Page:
The best part of my job, hands down, is designing characters. That’s what I really love doing the most.
 
What part of your job do you like least? Why? 
Being a freelancer can be a bit lonely, especially when I’m doing a big project that has really tight deadlines, which would sometimes force me to live a hermit lifestyle, which I really hate. That’s one of the reasons why I really would love to work in a studio environment some day.
What kind of technology do you work with on a daily basis?
I mainly use Photoshop, and I use a wacom Intuos4 tablet to render. Other than that, I like drawing on printer paper, with 2B/3B Staedtler lumograph pencils or Col-Erase pencils.
What is the most difficult part for you about being in the business?
I think the most difficult part of freelancing is probably getting/waiting for the next job, especially when you’re based in a country where the industry is very, very small and limited, and it’s very hard to predict when the next job will come. I feel very blessed to be a part of an illustration agency, because that relieves me of those limitations.
In your travels, have you had any brushes with animation greatness?
Most definitely, when I came to Los Angeles for the first time last year.
Describe a tough situation you had in life.
It’s a situation that I still find myself in, and it’s the lack of an (local) artistic community to belong to. After graduating from art school, I had a small (but tight) circle of friends that I’d hang out with occasionally, and meet once or twice a week to go out and draw somewhere. But over time, they moved on to find work overseas, or in some cases have decided to change careers after deciding a career in illustration wasn’t for them, which is sad, but it has helped me appreciate the little things in life, especially the friends I have that are still around.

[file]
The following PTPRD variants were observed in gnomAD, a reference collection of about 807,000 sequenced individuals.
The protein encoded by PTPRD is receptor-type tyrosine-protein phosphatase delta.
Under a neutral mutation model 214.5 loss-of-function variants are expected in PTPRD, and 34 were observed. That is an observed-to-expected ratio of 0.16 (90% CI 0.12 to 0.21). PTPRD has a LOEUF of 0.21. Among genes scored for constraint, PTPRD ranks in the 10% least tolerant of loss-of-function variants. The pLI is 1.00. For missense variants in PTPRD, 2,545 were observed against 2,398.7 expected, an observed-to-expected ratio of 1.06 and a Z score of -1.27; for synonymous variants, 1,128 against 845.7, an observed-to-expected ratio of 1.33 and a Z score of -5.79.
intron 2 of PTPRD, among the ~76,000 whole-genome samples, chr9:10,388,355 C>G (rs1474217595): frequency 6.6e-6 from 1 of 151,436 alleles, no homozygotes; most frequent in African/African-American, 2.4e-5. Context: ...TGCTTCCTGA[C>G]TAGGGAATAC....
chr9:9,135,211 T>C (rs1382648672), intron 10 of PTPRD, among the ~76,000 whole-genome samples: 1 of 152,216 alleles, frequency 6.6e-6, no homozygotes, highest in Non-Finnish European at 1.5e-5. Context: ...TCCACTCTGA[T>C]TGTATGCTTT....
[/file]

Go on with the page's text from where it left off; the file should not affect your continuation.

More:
Any side projects you’re working on that you’d like to share details of?
Nothing spectacular at the moment, but I’m always thinking of new ideas for children’s books, cartoon or something like that. I currently have an idea for a book/film set in WW2, about an unlikely crew of Royal Air Force pilots (and their pet seal) in the cold, northern reaches of Britain, rescuing people in the sea with their clunky obsolete seaplane. I’m currently in the early stages of designing characters for it, and it’ll be an ongoing project that I’ll be doing alongside freelance work.
Any unusual talents or hobbies like tying a cherry stem with your tongue or metallurgy?
I find gardening and mowing the lawn quite relaxing. (Did I say that out loud?)
Is there any advice you can give for an aspiring animation student or artist trying to break into the business? 
Do great work, and be great to work with. My buddy Chris Oatley gave this advice, and it stuck with me when I first heard it. Like I said before, I’m not quite in the industry to give advice about breaking in, but I think that as well as showing that you could produce good work, prove that you’re a good person to work with, and when you reach your goal to be a character designer for a big studio, or whatever your ambition is, be humble about it. If there’s one thing the world could use lot less of, it’s arrogance.